July 19, 1999 | News Releases on Legal Issues
WASHINGTON, JULY 19, 1999-Sen. John McCain, R-Ariz., wants the Senate to vote as quickly as possible on the campaign finance reform bill he is sponsoring with Sen. Russell Feingold, D-Wis., but lawmakers should question a measure that places unconstitutional restrictions on free speech, says a new Heritage Foundation paper.
According to James Bopp Jr., an attorney with Bopp, Coleson & Bostrom and general counsel for the James Madison Center for Free Speech, the McCain-Feingold bill violates past Supreme Court rulings that limit campaign finance restrictions to "a very narrow class of speech: explicit or express words advocating the election or defeat of clearly identified candidates-such as 'vote for' or 'elect.'"
The Court has held that all other election-related speech, including mentions of a candidate's voting record or positions, is protected as "issue advocacy," says Bopp, who has won 20 of 22 state and federal election-law cases. Bopp says the McCain-Feingold bill, which bans unregulated "soft money" contributions to political parties, goes too far in its efforts to reduce the "corrupting influence of big money" and would surely be overturned by the Court.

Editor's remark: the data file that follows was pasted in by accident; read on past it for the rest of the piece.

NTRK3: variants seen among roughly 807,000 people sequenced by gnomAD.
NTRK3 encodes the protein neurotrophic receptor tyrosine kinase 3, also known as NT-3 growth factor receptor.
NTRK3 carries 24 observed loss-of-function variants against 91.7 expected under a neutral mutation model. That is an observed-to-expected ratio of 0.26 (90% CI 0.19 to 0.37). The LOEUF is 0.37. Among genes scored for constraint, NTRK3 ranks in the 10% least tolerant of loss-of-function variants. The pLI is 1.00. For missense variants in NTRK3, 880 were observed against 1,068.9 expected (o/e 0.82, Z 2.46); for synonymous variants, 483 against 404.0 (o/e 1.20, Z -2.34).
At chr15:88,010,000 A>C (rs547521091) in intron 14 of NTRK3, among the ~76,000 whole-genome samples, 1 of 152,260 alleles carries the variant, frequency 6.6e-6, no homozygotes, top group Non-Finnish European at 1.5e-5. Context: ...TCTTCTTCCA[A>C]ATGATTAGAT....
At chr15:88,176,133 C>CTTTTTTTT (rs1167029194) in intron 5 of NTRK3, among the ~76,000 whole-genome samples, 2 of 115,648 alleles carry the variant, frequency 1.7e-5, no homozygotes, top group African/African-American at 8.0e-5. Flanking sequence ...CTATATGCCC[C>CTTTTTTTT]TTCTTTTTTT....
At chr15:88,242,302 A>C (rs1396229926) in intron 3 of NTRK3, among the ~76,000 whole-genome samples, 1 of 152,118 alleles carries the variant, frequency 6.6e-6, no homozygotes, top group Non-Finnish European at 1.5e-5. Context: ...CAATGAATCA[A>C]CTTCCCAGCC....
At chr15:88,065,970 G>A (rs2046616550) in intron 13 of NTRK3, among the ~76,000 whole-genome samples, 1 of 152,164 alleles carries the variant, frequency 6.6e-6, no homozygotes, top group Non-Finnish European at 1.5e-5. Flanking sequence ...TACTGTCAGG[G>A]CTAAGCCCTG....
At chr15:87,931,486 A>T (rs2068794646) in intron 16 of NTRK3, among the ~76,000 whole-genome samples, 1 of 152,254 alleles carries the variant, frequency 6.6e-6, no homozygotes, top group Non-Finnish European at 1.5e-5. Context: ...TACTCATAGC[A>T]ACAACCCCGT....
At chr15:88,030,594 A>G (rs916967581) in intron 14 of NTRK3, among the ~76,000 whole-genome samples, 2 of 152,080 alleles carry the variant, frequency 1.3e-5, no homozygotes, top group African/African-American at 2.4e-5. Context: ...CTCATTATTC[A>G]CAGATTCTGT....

Congress can take a number of legal steps to address legitimate concerns about current campaign finance laws, says Bopp, who is testifying Thursday before the Committee on House Administration on the constitutionality of campaign-finance reform proposals. For example, raising or eliminating the limits on "hard money" contributions would allow politicians to spend more time governing and less time raising money. Bopp recommends lifting the limit on individual contributions from $1,000 to at least $2,500 (if only to account for inflation), and letting individuals and PACs contribute up to $50,000 to political parties-more than twice the amount currently allowed. Congress should also strike limits on how much political parties can spend on their own candidates, he says.
"Such true reforms not only are constitutional, but they also reinforce the sovereignty of the people over government officials and decrease the threat of corruption by making it more likely that any influence will be exposed," Bopp writes.